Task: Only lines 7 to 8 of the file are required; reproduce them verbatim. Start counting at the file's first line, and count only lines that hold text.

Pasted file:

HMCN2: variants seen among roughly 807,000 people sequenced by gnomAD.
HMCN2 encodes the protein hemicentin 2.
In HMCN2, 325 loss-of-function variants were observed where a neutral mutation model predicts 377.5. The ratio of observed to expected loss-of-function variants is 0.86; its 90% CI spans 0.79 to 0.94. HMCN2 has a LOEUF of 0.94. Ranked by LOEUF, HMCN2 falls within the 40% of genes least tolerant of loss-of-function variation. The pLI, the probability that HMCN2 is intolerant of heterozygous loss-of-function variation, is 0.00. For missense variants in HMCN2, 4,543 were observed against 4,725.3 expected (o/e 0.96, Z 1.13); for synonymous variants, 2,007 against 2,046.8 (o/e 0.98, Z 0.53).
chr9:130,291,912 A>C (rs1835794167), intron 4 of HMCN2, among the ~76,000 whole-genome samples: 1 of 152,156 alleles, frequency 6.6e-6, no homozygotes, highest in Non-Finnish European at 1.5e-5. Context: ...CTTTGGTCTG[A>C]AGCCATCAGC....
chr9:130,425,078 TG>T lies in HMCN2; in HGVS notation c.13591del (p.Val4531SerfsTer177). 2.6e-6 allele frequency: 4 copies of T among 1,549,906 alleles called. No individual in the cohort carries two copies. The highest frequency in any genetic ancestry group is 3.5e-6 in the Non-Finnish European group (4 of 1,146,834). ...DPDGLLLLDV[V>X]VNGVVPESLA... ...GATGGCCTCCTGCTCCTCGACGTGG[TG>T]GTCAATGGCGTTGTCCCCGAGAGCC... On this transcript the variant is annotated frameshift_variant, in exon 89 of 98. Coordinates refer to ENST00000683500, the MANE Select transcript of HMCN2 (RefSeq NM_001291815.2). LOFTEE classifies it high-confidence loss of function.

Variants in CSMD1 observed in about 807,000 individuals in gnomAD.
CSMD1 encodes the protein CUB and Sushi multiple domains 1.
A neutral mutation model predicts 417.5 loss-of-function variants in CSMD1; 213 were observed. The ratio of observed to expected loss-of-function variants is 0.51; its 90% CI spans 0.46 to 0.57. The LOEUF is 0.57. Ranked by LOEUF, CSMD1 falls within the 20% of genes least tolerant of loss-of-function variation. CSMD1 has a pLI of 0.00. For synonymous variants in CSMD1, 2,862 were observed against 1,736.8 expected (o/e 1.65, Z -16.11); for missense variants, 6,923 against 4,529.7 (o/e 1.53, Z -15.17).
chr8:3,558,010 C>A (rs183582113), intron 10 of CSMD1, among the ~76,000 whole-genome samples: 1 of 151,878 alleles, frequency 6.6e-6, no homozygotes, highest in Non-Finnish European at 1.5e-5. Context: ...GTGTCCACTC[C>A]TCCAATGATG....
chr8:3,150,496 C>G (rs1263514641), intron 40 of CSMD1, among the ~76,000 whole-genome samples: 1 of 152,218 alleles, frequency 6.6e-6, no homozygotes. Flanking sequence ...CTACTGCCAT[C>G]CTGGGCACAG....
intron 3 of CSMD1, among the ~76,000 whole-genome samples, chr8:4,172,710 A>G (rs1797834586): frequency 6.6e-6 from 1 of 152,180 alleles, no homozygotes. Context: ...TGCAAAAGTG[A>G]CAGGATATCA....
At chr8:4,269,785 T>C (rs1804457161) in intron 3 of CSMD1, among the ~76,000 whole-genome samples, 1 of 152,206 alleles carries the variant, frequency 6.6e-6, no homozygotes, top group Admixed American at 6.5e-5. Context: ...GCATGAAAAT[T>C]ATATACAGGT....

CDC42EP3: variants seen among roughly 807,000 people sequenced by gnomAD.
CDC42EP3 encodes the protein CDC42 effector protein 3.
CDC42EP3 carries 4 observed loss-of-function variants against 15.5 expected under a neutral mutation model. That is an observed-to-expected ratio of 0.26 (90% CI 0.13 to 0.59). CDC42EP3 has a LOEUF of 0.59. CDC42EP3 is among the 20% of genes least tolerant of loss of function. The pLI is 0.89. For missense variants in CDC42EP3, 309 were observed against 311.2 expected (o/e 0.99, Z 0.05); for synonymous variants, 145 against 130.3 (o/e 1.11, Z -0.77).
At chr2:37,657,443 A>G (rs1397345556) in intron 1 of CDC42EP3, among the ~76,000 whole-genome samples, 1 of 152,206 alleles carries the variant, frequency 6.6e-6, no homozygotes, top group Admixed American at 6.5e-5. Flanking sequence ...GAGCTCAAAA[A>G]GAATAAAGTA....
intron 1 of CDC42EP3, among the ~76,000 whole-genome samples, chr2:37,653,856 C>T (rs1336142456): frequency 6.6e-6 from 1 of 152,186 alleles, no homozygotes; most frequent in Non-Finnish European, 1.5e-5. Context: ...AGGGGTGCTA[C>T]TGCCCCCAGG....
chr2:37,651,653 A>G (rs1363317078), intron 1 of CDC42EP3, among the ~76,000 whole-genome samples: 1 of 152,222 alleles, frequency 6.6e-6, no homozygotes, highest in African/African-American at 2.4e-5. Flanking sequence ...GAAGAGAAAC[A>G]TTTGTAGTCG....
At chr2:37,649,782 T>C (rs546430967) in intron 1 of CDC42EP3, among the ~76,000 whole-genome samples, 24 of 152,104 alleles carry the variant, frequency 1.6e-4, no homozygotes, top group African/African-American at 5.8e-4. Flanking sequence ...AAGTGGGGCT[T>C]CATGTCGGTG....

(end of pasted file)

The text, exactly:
CSMD1 encodes the protein CUB and Sushi multiple domains 1.
A neutral mutation model predicts 417.5 loss-of-function variants in CSMD1; 213 were observed. The ratio of observed to expected loss-of-function variants is 0.51; its 90% CI spans 0.46 to 0.57. The LOEUF is 0.57. Ranked by LOEUF, CSMD1 falls within the 20% of genes least tolerant of loss-of-function variation. CSMD1 has a pLI of 0.00. For synonymous variants in CSMD1, 2,862 were observed against 1,736.8 expected (o/e 1.65, Z -16.11); for missense variants, 6,923 against 4,529.7 (o/e 1.53, Z -15.17).